I had always known that my Gt Great Paternal grandfather had been in Wicklow jail for stealing food in 1846 (during the famine). I also found that his son aged 20 was in Wicklow jail in 1849 for stealing pieces of mutton and was given hard labour and was whipped' I often wondered how the wife and family of small children survived when the father was in jail. Well I found out my Gt great grandmother with a fever and at least three of her six children aged 8,6 and 1 arrived at the workhouse in Loughlinstown in January 1850. I assumed they walked from Glendalough as they are described as "dirty" in the record. All I could think of as I sat there crying was ...our poor people must have looked like the Syrian refugees when they struggled to the workhouse in their own county. a sad time in our history and a testament to the tenacity of those who went on to find a house and job and leave a generation of much better educated namesakes.
I am not afraid of tomorrow, for I have seen yesterday and I love today.
William Allen White
User avatar
Rocker
Globetrotter
 
Posts: 6477
Joined: Wed Dec 21, 2011 12:29 pm
Location: The Rock

Re: The Workhouse, Loughlinstown

Postby Sinead » Mon Jul 10, 2017 6:21 pm

Rocker, the term 'Irish Famine' makes my blood boil. There was lots of food in the country,
it was being sent to England. The poor God help them had no potatoes because of blight
why no one passed out some of the available food is a mystery. The population dropped
by more than half through deaths and the emigration of those lucky enough to have the
money. Like the Syrians etc., the Irish pooled their few bob and sent off the most able bodied
in the hope he/she would rescue the rest of the family. Man's inhumanity to man never leaves
us.

Sinéad
User avatar
Sinead
Skies are Blue
 
Posts: 2014
Joined: Sun Jan 31, 2010 4:09 pm
Location: Co.Dublin

Re: The Workhouse, Loughlinstown

Postby masterblaster » Mon Jul 10, 2017 9:09 pm

Sinead wrote:Rocker, the term 'Irish Famine' makes my blood boil. There was lots of food in the country,
it was being sent to England. The poor God help them had no potatoes because of blight
why no one passed out some of the available food is a mystery. The population dropped
by more than half through deaths and the emigration of those lucky enough to have the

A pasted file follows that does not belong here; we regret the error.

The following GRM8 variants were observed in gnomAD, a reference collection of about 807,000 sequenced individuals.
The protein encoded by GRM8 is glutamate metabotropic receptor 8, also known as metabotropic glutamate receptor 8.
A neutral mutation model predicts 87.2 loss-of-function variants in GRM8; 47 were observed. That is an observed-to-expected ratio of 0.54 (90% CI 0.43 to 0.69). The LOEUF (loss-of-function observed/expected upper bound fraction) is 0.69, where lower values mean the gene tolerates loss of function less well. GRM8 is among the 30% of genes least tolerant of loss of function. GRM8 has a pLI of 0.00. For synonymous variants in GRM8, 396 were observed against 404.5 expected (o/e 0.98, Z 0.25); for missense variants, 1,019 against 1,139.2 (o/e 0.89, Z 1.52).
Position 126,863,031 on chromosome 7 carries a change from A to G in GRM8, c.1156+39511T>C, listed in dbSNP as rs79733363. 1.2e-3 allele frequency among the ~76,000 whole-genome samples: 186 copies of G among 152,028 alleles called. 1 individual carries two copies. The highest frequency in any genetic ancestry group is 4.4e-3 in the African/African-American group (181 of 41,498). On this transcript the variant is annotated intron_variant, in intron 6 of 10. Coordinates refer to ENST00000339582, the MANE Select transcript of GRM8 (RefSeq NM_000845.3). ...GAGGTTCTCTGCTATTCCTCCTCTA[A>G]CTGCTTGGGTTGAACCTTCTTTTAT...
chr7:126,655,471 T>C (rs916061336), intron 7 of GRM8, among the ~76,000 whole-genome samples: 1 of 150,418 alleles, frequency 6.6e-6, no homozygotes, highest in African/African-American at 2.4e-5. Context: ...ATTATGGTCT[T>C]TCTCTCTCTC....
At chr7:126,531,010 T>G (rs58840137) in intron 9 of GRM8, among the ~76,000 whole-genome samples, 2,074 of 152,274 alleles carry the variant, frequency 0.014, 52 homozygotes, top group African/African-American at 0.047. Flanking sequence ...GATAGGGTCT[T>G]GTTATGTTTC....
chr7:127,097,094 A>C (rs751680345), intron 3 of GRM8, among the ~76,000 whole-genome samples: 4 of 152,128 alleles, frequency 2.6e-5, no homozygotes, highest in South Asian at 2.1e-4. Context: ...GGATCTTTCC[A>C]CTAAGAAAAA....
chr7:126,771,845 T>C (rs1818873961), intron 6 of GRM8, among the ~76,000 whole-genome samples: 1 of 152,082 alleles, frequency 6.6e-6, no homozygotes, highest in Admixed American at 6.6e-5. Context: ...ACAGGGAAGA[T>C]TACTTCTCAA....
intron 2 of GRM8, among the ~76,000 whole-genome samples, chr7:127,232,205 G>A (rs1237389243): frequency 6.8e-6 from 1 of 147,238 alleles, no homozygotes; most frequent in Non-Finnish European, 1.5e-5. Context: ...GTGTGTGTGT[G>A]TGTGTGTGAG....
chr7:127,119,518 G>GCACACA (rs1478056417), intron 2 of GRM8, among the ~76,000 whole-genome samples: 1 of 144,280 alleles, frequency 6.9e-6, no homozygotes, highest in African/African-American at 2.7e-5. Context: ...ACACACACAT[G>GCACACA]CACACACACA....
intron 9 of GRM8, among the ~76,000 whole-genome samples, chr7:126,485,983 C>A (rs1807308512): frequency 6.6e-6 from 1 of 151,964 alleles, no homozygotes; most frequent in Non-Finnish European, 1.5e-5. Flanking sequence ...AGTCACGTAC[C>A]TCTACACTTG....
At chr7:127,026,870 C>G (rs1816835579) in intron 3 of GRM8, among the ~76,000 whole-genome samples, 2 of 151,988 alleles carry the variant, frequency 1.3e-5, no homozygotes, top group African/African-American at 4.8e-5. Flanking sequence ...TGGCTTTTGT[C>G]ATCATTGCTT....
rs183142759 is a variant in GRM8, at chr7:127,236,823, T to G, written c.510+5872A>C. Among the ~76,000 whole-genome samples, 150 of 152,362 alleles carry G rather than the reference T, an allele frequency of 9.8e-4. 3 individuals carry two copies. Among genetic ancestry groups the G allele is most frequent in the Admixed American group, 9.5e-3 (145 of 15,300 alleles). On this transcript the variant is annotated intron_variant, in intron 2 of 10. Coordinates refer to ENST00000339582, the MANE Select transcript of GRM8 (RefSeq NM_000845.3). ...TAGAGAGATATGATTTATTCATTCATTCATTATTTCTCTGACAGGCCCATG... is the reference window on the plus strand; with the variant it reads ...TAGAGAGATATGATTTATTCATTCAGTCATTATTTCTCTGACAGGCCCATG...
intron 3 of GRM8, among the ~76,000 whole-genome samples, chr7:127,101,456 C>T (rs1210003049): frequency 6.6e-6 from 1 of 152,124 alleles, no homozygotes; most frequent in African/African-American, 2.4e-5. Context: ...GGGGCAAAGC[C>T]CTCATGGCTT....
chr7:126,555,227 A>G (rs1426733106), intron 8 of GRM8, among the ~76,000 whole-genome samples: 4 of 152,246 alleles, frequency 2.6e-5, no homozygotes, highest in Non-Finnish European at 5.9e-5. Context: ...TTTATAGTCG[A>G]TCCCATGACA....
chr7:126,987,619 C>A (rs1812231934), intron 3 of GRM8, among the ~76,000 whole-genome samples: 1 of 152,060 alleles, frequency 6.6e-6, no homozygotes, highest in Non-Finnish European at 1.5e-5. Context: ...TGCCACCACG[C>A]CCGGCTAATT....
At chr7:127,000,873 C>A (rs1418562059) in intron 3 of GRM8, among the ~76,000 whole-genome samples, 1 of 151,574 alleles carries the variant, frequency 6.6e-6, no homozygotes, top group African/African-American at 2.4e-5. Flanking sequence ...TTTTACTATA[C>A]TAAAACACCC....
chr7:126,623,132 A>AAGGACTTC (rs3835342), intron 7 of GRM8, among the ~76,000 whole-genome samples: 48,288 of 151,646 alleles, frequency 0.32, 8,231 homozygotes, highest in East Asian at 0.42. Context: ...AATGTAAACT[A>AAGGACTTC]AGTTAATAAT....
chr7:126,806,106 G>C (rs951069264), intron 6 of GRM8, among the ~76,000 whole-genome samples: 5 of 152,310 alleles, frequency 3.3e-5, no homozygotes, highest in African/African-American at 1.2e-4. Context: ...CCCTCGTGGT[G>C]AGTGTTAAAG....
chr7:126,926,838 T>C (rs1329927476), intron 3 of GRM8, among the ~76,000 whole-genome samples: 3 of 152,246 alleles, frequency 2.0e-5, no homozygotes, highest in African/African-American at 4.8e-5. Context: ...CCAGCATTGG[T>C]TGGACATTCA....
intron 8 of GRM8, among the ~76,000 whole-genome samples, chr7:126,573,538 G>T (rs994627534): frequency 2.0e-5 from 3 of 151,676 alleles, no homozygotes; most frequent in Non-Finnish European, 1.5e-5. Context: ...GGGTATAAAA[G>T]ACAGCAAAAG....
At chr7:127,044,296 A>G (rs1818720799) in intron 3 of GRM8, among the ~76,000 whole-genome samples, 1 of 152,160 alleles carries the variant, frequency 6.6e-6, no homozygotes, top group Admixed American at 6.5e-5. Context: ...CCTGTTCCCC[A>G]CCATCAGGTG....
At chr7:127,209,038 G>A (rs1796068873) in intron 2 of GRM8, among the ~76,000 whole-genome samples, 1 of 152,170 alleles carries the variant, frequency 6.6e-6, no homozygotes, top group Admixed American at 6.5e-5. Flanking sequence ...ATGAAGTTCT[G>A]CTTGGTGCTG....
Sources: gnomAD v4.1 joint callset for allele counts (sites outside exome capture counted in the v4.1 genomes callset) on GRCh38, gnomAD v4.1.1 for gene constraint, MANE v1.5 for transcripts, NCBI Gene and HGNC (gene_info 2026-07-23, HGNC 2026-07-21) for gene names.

money. Like the Syrians etc., the Irish pooled their few bob and sent off the most able bodied
in the hope he/she would rescue the rest of the family. Man's inhumanity to man never leaves
us.

Sinéad



Is there a day passes when we don't come across people, young and old, begging on the streets of this country.Homeless, down and outs, and migrants to mention just a few.Many look upon these people as; chancers, good for nothing wasters, a blight on the landscape, how dare they sit and look pleadingly at us as we make our way for 'a few pints' or to the nearest store to rid ourselves of our hard-earned cash.Is there no end to them? how much longer have we to put up with these 'people'? God knows I've enough on my own plate! As for myself....well I'm as guilty as anyone, but, the more I watch the pictures coming from Syria, Palestine and yes even throughout our own country it's given me plenty to mull over.My road to Damascus perhaps!
masterblaster
Regular Member
 
Posts: 61
Joined: Sat Apr 26, 2014 7:53 pm
Location: southern cross rd

Re: The Workhouse, Loughlinstown

Postby Sinead » Mon Jul 10, 2017 11:19 pm

Masterblaster:

You cannot give money to everyone who is begging but if you acknowledge them as
human beings you may be the only person they have spoken to in a while. Words
can be as good as a donation sometimes.

Sinéad
User avatar
Sinead
Skies are Blue
 
Posts: 2014
Joined: Sun Jan 31, 2010 4:09 pm
Location: Co.Dublin

Re: The Workhouse, Loughlinstown

Postby masterblaster » Tue Jul 11, 2017 10:07 am

Sinead wrote:Masterblaster:

You cannot give money to everyone who is begging but if you acknowledge them as
human beings you may be the only person they have spoken to in a while. Words
can be as good as a donation sometimes.

Sinéad



Couldn't agree more Sinead!
masterblaster
Regular Member
 
Posts: 61
Joined: Sat Apr 26, 2014 7:53 pm
Location: southern cross rd

Re: The Workhouse, Loughlinstown

Postby Rocker » Tue Jul 11, 2017 10:48 am

This is slightly off topic but is related to showing love for homeless people.
My most uplifting experience in the last few years was watching David Brophy and the High hopes choir on T.V.
I have since started going to the concert Hall to see any concerts in which David Brophy conducts and what a man. He epotomises christianity. He is as nice to the divas as he is to the homeless and you can feel the genuine vibe between the orchestra and the man.

This little clip of the choir appearing at the European Parliament is heart warming.

http://www.irishexaminer.com/examviral/ ... 82369.html

Oh! and David Brophy is now living in the Boro wuu wuu
I am not afraid of tomorrow, for I have seen yesterday and I love today.
William Allen White
User avatar
Rocker
Globetrotter
 
Posts: 6477
Joined: Wed Dec 21, 2011 12:29 pm
Location: The Rock

Re: The Workhouse, Loughlinstown

Postby Sinead » Tue Jul 11, 2017 2:22 pm

Rocker:

David Brophy is a remarkable human being and is extremely humble.
Last year I heard him and his cousin on the radio one Sunday morning
and they were very funny. His cousin is an MEP!
The dignity he has given people is fantastic.

Sinéad
User avatar
Sinead
Skies are Blue
 
Posts: 2014
Joined: Sun Jan 31, 2010 4:09 pm
Location: Co.Dublin


Return to GENEALOGY



Who is online

Users browsing this forum: No registered users and 1 guest